RBI, Still Shy on Rate Cuts
Last month, when India’s GDP growth for the fourth quarter of 201617 slumped to 6.1 per cent from 8 per cent a year ago, there were many, especially in the government, who expected the Reserve Bank of India (RBI) to slash interest rates in its monetary policy review in June.
But it didn’t happen. The RBI had three reasons for staying the course: first, despite the forecast of a sharp decrease in inflation, the monetary policy council (MPC) that reviews interest rates every quarter, remains unsure how long it will last. Second, it believes other central measures to boost investment are essential before rate cuts. Finally, it worries that any premature easing may result in future rate hikes.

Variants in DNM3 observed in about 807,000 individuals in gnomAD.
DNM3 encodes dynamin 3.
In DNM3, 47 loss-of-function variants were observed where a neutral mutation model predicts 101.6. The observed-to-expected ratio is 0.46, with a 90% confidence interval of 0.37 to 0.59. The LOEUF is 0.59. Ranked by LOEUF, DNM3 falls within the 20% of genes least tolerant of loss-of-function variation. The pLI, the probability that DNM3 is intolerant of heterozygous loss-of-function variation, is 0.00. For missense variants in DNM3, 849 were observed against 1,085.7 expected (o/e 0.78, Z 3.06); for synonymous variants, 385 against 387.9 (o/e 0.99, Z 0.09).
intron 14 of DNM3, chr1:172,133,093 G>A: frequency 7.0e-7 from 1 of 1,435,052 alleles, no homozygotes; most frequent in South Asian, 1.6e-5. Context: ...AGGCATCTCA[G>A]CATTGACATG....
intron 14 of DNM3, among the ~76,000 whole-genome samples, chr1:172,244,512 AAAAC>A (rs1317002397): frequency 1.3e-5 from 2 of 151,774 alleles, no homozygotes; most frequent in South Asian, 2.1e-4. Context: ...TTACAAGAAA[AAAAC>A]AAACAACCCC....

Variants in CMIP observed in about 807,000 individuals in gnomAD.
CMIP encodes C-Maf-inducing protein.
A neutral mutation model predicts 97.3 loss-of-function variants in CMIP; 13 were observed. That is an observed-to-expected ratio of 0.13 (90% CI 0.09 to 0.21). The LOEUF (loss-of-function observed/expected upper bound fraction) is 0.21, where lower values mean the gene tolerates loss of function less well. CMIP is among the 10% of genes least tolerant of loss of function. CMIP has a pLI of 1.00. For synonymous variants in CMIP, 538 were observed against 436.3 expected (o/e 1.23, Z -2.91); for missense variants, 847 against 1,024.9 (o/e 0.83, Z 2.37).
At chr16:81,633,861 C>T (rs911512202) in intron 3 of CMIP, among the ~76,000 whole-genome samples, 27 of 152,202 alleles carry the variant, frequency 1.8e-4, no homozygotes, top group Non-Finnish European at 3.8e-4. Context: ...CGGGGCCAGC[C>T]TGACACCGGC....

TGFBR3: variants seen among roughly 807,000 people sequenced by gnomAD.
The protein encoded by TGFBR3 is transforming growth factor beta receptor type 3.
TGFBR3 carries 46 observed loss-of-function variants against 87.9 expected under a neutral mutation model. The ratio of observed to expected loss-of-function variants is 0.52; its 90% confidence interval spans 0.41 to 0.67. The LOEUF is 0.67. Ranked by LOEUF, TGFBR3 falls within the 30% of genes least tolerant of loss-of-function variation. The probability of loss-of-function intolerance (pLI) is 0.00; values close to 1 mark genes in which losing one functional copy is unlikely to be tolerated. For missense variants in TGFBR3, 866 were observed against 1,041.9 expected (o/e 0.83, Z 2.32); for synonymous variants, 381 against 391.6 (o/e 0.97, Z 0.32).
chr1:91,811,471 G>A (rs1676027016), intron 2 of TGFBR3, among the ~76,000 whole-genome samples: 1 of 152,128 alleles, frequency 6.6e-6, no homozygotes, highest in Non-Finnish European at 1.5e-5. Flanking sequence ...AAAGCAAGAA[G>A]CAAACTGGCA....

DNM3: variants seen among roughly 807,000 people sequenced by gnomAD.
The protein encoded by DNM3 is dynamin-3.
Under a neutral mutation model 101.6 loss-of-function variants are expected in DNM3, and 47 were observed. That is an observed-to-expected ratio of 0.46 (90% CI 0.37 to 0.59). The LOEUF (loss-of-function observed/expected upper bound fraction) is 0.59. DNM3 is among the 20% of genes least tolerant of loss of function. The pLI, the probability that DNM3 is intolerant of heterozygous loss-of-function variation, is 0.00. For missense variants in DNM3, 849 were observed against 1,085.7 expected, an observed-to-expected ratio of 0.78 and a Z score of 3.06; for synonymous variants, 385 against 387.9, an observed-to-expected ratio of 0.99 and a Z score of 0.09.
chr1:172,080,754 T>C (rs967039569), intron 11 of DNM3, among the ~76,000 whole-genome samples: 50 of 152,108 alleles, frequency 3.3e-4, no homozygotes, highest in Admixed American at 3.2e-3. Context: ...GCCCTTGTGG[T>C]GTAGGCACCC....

Political observers were quick to deduce a rift between RBI governor Urjit Patel and the finance ministry in the decision, the rumours fuelled by the MPC turning down a meeting with finance ministry officials on June 1, days before the policy announcement.
The government is unlikely to let this pass quietly. Chief economic advisor Arvind Subramanian argued for a rate cut soon after the RBI announcement. Now with CPI inflation (which examines the weighted average of prices of a basket of consumer goods and services) growing 2.2 per cent in May, the lowest since 2001, and given the government’s persistence, experts expect the RBI to ease rates in August. Prices of pulses, vegetables and fruits fell sharply in May, more than offsetting the slight increase in cereals, eggs, meat and fish and prepared meals. The fuel price index also fell sharply. “While we have a long held call for a prolonged pause, we see risks of a rate cut in the August policy meeting,” says Pranjul Bhandari, chief India economist at HSBC. In the interim, factors like rains and food price movements will be closely watched.
2.2 PER CENT the CPI inflation rate in May, the lowest since 2001